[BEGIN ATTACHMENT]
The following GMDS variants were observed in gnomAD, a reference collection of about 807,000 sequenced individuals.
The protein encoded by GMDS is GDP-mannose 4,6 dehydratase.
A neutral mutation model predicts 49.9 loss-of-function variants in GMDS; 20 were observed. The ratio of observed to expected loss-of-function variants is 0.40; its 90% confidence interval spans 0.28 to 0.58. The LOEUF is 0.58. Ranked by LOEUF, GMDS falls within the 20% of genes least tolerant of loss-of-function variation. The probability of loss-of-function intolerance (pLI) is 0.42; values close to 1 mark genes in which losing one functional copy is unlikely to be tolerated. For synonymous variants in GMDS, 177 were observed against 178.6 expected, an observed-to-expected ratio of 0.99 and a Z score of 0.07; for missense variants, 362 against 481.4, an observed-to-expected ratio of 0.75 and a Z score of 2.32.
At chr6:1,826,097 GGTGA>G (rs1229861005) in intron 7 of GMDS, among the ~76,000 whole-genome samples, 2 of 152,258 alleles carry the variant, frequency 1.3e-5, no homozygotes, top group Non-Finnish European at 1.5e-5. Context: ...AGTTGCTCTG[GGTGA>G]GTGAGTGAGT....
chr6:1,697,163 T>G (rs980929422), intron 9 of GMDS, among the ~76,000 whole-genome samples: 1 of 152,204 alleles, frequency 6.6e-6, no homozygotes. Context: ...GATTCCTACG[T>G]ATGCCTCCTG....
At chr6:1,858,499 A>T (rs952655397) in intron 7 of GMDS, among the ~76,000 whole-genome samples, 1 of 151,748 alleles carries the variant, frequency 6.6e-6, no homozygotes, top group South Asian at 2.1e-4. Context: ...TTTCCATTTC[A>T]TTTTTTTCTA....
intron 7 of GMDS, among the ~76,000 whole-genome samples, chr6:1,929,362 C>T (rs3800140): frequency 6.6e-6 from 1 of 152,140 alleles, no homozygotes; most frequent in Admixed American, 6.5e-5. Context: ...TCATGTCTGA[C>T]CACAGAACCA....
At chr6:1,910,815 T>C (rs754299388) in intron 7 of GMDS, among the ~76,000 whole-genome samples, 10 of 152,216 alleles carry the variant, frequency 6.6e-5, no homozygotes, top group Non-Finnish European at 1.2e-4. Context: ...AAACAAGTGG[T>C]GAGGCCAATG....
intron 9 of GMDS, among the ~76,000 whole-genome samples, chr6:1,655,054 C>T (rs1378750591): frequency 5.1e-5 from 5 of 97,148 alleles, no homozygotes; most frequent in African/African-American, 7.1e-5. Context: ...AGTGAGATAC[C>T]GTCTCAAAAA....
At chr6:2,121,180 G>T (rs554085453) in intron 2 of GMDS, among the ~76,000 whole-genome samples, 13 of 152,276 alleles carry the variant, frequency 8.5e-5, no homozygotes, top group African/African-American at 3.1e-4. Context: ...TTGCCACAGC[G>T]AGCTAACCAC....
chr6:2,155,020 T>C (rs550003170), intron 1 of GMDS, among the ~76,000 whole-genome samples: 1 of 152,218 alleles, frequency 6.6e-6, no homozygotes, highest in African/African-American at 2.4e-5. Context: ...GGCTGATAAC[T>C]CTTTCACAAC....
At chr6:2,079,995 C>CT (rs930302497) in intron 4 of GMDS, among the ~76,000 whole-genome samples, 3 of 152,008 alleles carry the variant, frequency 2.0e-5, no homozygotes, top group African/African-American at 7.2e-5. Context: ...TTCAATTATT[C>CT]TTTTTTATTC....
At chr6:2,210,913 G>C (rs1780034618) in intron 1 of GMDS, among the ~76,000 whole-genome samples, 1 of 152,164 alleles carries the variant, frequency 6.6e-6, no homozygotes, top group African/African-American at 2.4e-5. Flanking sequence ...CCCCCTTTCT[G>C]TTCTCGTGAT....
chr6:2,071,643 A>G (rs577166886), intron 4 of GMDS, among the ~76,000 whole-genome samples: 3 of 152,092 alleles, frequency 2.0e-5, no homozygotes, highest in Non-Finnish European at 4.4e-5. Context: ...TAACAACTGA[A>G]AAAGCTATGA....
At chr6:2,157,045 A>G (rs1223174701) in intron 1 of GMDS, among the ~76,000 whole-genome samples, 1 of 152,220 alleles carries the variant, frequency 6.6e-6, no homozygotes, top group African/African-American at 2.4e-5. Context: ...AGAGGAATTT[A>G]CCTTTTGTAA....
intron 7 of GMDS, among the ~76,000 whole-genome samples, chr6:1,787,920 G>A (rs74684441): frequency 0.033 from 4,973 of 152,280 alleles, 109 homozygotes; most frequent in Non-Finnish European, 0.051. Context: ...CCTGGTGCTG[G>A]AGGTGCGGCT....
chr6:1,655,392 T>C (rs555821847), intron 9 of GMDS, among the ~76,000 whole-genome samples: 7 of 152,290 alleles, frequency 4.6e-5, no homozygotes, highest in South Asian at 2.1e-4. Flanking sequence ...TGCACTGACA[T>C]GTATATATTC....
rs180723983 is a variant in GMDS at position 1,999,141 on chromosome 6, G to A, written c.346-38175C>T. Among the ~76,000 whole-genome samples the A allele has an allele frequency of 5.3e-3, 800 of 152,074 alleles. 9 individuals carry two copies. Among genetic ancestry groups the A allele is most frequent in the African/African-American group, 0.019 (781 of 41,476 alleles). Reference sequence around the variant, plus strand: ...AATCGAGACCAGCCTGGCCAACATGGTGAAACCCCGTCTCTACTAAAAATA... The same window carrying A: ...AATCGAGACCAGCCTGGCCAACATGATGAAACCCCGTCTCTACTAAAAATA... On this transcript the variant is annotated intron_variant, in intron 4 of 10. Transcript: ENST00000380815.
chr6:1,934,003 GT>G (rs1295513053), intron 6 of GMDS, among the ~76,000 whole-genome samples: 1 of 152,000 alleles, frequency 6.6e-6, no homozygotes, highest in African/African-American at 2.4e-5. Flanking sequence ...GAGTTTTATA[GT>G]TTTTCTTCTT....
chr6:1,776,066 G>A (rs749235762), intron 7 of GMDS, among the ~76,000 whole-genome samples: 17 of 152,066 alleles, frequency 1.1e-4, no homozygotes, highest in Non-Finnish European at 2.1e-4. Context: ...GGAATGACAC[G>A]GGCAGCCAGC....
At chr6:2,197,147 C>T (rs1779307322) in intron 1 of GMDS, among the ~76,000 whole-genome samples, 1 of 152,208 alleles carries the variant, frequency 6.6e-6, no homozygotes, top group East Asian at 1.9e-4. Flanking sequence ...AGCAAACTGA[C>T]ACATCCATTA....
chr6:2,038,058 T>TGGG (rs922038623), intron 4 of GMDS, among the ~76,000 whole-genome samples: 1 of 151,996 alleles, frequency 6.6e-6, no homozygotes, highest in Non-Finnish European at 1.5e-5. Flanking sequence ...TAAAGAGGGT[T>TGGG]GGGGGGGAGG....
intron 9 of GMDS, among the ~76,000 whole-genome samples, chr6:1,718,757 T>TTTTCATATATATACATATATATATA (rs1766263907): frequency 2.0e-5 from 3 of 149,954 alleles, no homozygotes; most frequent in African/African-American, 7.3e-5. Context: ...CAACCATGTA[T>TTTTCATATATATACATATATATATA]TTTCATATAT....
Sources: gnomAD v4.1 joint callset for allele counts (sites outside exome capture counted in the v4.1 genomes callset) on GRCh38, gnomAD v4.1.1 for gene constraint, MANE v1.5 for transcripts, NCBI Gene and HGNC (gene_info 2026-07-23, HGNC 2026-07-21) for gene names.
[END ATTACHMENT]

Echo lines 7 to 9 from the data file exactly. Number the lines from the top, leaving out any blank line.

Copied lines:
intron 7 of GMDS, among the ~76,000 whole-genome samples, chr6:1,929,362 C>T (rs3800140): frequency 6.6e-6 from 1 of 152,140 alleles, no homozygotes; most frequent in Admixed American, 6.5e-5. Context: ...TCATGTCTGA[C>T]CACAGAACCA....
At chr6:1,910,815 T>C (rs754299388) in intron 7 of GMDS, among the ~76,000 whole-genome samples, 10 of 152,216 alleles carry the variant, frequency 6.6e-5, no homozygotes, top group Non-Finnish European at 1.2e-4. Context: ...AAACAAGTGG[T>C]GAGGCCAATG....
intron 9 of GMDS, among the ~76,000 whole-genome samples, chr6:1,655,054 C>T (rs1378750591): frequency 5.1e-5 from 5 of 97,148 alleles, no homozygotes; most frequent in African/African-American, 7.1e-5. Context: ...AGTGAGATAC[C>T]GTCTCAAAAA....